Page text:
As more people fell deep into rental debt and faced eviction, the ERAP made funding available to assist households in meeting their rental and utility obligations. The federal government suspended eviction in cities where renters could not pay their landlords. However, it became unclear as to who would have the responsibility to pay. The federal government then worked with states and local authorities to offer assistance to landlords and utility providers.

Social Welfare Policy four animated people in a house StudySmarterFamily in a home, Pixabay

Health Care

Health care social policies help individuals access health care at minimal or no cost. Such programs are designed to improve social well-being and support a productive workforce. One type of initiative would be the Children Health Insurance Program (CHIP), which is intended to provide medical assistance to children from poor families.

Since healthcare is a mainly private industry in the United States and most people rely on their jobs for health insurance, and private insurance can come with a high monthly cost, many families who are experiencing unemployment rely on government health care for meeting medical needs.

To ensure a healthy and productive society, a program like Medicaid makes it easy for people to qualify based on income and family size. Beneficiaries generally don't pay a deductible when in need of medical care. Through this program, the government covers the cost of care.

Social Welfare Policy cartoon doctor x-raying and elderly patient StudySmarterA doctor treating an elderly patient, Wikimedia Commons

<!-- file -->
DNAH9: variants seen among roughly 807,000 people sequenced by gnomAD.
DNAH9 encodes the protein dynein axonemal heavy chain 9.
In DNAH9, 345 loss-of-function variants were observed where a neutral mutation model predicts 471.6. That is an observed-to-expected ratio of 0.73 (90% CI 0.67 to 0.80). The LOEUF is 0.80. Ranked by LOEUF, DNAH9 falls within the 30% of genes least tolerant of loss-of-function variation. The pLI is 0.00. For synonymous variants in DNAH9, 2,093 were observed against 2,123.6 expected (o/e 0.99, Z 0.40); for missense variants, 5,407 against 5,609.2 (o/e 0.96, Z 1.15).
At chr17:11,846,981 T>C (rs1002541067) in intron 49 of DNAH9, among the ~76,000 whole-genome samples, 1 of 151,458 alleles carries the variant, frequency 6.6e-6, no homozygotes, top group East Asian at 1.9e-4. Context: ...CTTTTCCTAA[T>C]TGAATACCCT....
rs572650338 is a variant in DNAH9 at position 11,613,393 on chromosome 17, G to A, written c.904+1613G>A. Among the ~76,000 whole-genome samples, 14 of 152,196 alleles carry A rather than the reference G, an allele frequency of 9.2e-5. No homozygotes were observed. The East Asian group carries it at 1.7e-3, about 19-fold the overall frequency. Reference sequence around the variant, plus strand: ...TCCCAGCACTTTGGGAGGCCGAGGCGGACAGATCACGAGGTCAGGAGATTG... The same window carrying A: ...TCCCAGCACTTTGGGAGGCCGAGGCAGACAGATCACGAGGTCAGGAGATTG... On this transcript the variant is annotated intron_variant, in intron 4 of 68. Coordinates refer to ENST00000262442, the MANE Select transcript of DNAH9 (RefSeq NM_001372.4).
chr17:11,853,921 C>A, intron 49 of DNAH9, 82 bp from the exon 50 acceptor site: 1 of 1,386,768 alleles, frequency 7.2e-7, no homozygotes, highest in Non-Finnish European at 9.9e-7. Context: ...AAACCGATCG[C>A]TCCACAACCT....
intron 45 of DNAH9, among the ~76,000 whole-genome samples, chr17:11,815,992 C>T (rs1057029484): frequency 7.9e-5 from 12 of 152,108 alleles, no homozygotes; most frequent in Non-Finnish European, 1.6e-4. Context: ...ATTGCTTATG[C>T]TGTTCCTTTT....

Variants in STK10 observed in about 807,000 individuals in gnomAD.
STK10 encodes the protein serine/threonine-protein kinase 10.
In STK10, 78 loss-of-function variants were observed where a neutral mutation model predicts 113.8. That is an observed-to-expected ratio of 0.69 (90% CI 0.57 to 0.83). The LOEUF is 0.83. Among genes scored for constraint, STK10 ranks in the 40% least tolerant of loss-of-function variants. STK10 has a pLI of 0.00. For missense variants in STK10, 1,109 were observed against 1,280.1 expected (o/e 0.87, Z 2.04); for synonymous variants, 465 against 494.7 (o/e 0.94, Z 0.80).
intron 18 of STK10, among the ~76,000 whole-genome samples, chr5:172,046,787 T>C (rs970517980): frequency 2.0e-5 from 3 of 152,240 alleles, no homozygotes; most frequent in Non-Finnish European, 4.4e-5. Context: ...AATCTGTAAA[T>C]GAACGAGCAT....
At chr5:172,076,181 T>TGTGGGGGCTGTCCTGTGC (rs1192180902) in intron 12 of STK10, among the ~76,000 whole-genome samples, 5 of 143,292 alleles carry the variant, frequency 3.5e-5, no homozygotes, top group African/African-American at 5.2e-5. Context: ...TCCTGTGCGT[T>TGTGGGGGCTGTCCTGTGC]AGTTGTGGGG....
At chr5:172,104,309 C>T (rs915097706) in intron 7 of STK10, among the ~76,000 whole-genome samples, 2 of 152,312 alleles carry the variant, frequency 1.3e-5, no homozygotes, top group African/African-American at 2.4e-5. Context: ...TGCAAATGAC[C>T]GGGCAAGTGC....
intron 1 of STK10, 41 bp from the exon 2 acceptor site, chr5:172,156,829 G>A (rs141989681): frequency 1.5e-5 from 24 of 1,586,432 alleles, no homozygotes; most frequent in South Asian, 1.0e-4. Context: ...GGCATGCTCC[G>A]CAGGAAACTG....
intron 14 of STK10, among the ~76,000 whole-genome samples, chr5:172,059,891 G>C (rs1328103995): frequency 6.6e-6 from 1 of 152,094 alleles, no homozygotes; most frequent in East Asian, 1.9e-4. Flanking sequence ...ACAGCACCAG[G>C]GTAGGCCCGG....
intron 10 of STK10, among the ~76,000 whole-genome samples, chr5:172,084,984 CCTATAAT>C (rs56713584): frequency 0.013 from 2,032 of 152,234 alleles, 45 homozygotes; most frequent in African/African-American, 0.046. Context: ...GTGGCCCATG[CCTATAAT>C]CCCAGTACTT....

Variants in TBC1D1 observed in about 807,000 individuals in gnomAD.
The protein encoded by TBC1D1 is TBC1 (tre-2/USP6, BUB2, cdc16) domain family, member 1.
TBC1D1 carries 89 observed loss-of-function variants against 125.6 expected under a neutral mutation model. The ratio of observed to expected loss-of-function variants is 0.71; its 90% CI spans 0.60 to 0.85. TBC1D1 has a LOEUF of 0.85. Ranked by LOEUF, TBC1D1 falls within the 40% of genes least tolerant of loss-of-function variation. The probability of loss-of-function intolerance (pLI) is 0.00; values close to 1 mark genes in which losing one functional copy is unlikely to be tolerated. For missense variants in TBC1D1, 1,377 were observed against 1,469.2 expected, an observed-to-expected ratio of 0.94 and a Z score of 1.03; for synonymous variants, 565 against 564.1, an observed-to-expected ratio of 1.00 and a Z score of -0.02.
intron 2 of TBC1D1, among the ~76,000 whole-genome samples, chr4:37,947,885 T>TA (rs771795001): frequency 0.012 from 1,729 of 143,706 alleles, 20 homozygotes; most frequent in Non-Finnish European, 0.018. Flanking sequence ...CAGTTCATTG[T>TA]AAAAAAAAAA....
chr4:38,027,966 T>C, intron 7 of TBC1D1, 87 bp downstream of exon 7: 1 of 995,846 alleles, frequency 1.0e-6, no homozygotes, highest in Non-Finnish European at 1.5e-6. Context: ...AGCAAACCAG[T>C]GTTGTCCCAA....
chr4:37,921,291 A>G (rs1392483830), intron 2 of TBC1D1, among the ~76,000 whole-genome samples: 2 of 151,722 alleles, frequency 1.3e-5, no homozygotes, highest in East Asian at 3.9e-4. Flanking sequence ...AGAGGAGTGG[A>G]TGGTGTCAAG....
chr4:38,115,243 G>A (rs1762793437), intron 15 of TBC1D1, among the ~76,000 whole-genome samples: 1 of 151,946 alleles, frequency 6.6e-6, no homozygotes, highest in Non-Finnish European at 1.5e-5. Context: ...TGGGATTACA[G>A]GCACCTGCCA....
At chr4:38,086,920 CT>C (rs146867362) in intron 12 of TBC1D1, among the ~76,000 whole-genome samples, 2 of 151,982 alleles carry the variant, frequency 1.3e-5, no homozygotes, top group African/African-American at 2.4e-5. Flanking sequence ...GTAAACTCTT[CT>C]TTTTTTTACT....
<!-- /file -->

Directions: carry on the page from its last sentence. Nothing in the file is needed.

Unemployment Assistance

Unemployment Assistance provides financial aid to unemployed individuals so they can survive through hard times and find job placement. When it comes to addressing income inequalities and unemployment among the low-income seniors and people with disabilities, publications from the Supplemental Security Income program indicate that payments as of 2020 were $783 per month ($1,175 for couples) and offsets to help people meet basic needs like food, clothing, and shelter.3 The U.S. Treasury pays for these benefits.

If you want to learn more about these kinds of programs, we have an explanation: Anti Poverty Programs.

Examples of Social Welfare Policy

Some examples of specific social welfare policies are the Housing Choice Voucher Program, Medicaid and Medicare, nutrition assistance, and Social Security.

Housing Choice Voucher Program

The Housing Choice Voucher Program, also referred to as Section 8, assists families who qualify in paying their rent. The family is allowed to choose their own house as long as the home meets the requirements set by the government and the landlord accepts section 8. The way it works is the recipient pays the amount that is deemed appropriate for their income level, and the government covers the rest. This way, low-income people can afford housing, and the landlords can still collect the market rate of rent.

Medicaid and Medicare